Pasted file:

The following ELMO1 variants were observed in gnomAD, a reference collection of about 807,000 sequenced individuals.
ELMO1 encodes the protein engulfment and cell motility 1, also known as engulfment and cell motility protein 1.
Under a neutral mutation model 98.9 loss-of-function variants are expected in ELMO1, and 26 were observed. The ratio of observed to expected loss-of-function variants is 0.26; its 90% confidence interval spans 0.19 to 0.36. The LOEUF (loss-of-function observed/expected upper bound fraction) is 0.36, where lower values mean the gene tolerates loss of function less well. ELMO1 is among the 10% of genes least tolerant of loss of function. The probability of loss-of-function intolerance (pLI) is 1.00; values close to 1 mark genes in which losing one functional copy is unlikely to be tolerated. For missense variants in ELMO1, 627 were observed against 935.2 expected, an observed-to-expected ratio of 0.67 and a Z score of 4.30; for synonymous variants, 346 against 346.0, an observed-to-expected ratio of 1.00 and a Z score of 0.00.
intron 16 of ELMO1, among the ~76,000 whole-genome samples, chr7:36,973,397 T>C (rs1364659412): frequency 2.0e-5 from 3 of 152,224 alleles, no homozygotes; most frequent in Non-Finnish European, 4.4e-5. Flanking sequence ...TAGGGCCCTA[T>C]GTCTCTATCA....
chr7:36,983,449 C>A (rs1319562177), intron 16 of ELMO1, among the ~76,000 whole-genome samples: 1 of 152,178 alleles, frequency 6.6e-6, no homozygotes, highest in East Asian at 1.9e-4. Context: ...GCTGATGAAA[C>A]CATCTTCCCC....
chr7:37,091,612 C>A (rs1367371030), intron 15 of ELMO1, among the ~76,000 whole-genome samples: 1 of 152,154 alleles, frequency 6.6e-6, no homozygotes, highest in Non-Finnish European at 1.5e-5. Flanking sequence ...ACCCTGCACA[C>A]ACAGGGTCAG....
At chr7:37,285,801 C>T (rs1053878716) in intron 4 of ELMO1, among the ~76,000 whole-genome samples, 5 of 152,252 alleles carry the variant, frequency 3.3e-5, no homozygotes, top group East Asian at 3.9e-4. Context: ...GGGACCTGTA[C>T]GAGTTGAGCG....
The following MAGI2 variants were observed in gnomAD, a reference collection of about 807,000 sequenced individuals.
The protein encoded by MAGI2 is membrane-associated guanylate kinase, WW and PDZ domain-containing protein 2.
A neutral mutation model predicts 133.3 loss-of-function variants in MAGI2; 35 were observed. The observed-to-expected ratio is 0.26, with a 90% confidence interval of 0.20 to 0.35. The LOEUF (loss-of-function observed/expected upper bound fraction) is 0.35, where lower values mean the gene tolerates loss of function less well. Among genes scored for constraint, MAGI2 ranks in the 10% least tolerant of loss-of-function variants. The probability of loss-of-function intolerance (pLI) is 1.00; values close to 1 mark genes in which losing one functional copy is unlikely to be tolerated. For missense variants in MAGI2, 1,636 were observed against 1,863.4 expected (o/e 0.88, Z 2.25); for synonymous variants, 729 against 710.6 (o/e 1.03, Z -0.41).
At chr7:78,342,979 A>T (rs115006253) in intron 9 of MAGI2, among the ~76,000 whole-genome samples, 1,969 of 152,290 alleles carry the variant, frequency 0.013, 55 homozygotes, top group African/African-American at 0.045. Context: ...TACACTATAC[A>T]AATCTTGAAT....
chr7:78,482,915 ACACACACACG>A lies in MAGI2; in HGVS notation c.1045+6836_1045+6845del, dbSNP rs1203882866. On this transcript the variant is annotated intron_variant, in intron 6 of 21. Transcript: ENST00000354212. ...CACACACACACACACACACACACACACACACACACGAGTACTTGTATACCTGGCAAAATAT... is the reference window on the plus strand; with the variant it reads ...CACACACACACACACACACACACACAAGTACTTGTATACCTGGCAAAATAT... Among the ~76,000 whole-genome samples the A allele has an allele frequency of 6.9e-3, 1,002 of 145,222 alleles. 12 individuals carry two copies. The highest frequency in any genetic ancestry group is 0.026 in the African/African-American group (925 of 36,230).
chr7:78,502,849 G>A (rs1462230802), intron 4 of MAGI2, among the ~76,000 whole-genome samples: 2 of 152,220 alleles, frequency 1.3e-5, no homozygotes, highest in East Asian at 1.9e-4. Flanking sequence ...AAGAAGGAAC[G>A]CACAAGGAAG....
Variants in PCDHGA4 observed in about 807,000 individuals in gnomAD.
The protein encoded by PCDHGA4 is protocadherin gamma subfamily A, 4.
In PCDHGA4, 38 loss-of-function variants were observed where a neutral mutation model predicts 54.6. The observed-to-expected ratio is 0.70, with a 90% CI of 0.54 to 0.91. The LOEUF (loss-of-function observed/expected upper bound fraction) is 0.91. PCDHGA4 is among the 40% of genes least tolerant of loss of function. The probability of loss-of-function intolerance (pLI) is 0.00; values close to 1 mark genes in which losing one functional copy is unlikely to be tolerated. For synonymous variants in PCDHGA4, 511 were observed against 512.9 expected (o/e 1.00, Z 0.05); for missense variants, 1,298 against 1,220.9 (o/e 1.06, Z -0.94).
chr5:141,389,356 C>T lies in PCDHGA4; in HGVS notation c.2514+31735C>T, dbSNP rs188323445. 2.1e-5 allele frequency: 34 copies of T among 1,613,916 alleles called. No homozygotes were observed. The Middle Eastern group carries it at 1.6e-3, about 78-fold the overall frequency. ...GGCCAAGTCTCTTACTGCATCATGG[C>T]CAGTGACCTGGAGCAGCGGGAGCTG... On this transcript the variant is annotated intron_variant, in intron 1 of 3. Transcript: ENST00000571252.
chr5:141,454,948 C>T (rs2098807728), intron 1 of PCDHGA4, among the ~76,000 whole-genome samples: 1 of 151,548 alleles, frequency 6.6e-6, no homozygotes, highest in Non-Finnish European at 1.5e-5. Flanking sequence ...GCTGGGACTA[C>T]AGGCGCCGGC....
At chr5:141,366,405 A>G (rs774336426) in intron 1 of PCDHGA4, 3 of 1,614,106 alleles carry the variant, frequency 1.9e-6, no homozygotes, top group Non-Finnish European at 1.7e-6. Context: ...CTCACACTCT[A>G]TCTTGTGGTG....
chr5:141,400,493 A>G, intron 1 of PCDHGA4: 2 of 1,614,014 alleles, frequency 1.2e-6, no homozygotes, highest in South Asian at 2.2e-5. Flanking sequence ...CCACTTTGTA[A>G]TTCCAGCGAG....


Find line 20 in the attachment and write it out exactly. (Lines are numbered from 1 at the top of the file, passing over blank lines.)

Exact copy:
chr5:141,400,493 A>G, intron 1 of PCDHGA4: 2 of 1,614,014 alleles, frequency 1.2e-6, no homozygotes, highest in South Asian at 2.2e-5. Flanking sequence ...CCACTTTGTA[A>G]TTCCAGCGAG....